The history of section 11580.2, subdivision (f), confirms the legislative purpose to prevent double recovery. Prior to 1973, although another subsection of the statute provided for reduction of the loss payable in the event of workers' compensation benefits, the provision concerning arbitration did not include the language quoted above. (Compare former § 11580.2, subd. (f), amended by Stats. 1972, ch. 952, § 1, p. 1722, with current § 11580.2, subd. (f).) In 1971, the Court of Appeal held the provision permitting deduction of "the present value of all amounts payable" under workers' compensation law inapplicable to cases in which the amount due under workers' compensation had not yet been determined. (Waggaman, supra, 16 Cal.App.3d at pp. 577-578.) The court reasoned that the arbitrator in that case could not calculate and deduct the anticipated, but as yet undetermined, workers' compensation benefits. Although the court recognized that this conclusion might lead to double recovery by the insured, the court decided that the statutory scheme compelled such a result. The court further noted that it could not authorize the insurer to obtain a lien on the workers' compensation award because the availability of such liens was strictly limited by statute, and because such liens fell within the original jurisdiction of the Workers' Compensation Appeals Board. (See Lab. Code, §§ 4901, 4903.)

Thus, the situation as of 1971 was that courts were powerless to prevent an insured from recovering twice for the same injury whenever the workers' compensation award had not yet been determined at the time the insured demanded arbitration. In such cases, the insured would recover once from the uninsured motorist insurer and, because no lien was available, once again from the workers' compensation carrier. While the court enforced the statute as written, it also invited the Legislature to provide a solution to the inherent inequity of double recovery. (Waggaman, supra, 16 Cal.App.3d at pp. 579-580.)

The Legislature responded the following year by amending section 11580.2, subdivision (f), to include the current language. The first version of the proposed bill would have subrogated the uninsured motorist carrier to the rights of the insured against the workers' compensation carrier for any amounts awarded as workers' compensation which had not yet been determined at the time of an uninsured motorist arbitration award. (Sen. Bill No. 66 (1972 Reg. Sess.) first version, introduced Jan. 17, 1972, § 1.) The bill would also have given the uninsured motorist insurer a lien against the workers' compensation award. (Ibid.) Furthermore, the bill would have amended Labor Code section 4903, which exclusively enumerates the liens allowable against workers' compensation awards, to permit a lien for the [4 Cal. 4th 10] amount paid on an uninsured motorist insurance policy. (Sen. Bill No. 66 (1972 Reg. Sess.) first version, introduced Jan. 17, 1972, § 2.) fn. 7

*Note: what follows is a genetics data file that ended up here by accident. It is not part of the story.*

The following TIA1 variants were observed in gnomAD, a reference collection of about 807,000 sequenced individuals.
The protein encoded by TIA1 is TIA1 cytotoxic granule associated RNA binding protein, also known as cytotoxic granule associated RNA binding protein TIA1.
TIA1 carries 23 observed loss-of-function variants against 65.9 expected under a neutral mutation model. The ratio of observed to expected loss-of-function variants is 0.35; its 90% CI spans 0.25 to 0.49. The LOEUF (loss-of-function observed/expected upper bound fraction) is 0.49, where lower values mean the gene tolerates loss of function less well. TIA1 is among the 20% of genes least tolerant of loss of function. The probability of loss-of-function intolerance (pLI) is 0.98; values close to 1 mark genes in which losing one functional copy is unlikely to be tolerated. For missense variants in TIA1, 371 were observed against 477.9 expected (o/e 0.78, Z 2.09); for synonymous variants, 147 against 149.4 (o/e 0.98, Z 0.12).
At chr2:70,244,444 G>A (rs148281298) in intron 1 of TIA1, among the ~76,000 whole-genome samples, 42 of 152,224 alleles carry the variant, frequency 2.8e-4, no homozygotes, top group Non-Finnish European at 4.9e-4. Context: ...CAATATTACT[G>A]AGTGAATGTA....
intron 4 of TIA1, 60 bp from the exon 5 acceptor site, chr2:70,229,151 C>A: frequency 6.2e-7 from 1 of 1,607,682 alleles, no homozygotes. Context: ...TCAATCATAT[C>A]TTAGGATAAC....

The first version of the proposed legislation did not pass. Instead, the Legislature chose a different way to address the problem of double recovery. Rather than subrogating the uninsured motorist insurer to the rights of the insured for, and providing for a lien against, the insured's workers' compensation benefits, fn. 8 the final version of the bill provides for a stay of arbitration until the insured's condition has become stationary and ratable. An insured who claims permanent disability is required to show good cause if he or she wishes arbitration to proceed before the workers' compensation award has been determined. (See § 11580.2, subd. (f).) fn. 9

[2b] Rangel questions the relevance of the arbitration provision. (§ 11580.2, subd. (f).) She claims that the provision applies only to disputes over the liability of the uninsured motorist and the amount thereof. In her case, there was no dispute about the liability of and damages due from the uninsured motorist. Thus, Rangel argues that there was no arbitrable dispute. The flaw in Rangel's argument is that her policy contains clear and unambiguous language providing that any dispute over the amount owing to the insured from the Exchange would be settled by arbitration. The policy, which is incorporated by reference into Rangel's complaint, provides as [4 Cal. 4th 11] follows: "If the insured ... and the Exchange are in disagreement as to whether any one of them are legally entitled to recover damages from the owner or operator of an uninsured automobile because of bodily injury to the insured, or do not agree as to the amount of such damages which may be owing under this Part, then upon the demand of either, those said matters in disagreement shall be settled by arbitration ...." (Italics added.) The Exchange clearly indicated in its answer that the amount owing under the policy was in dispute.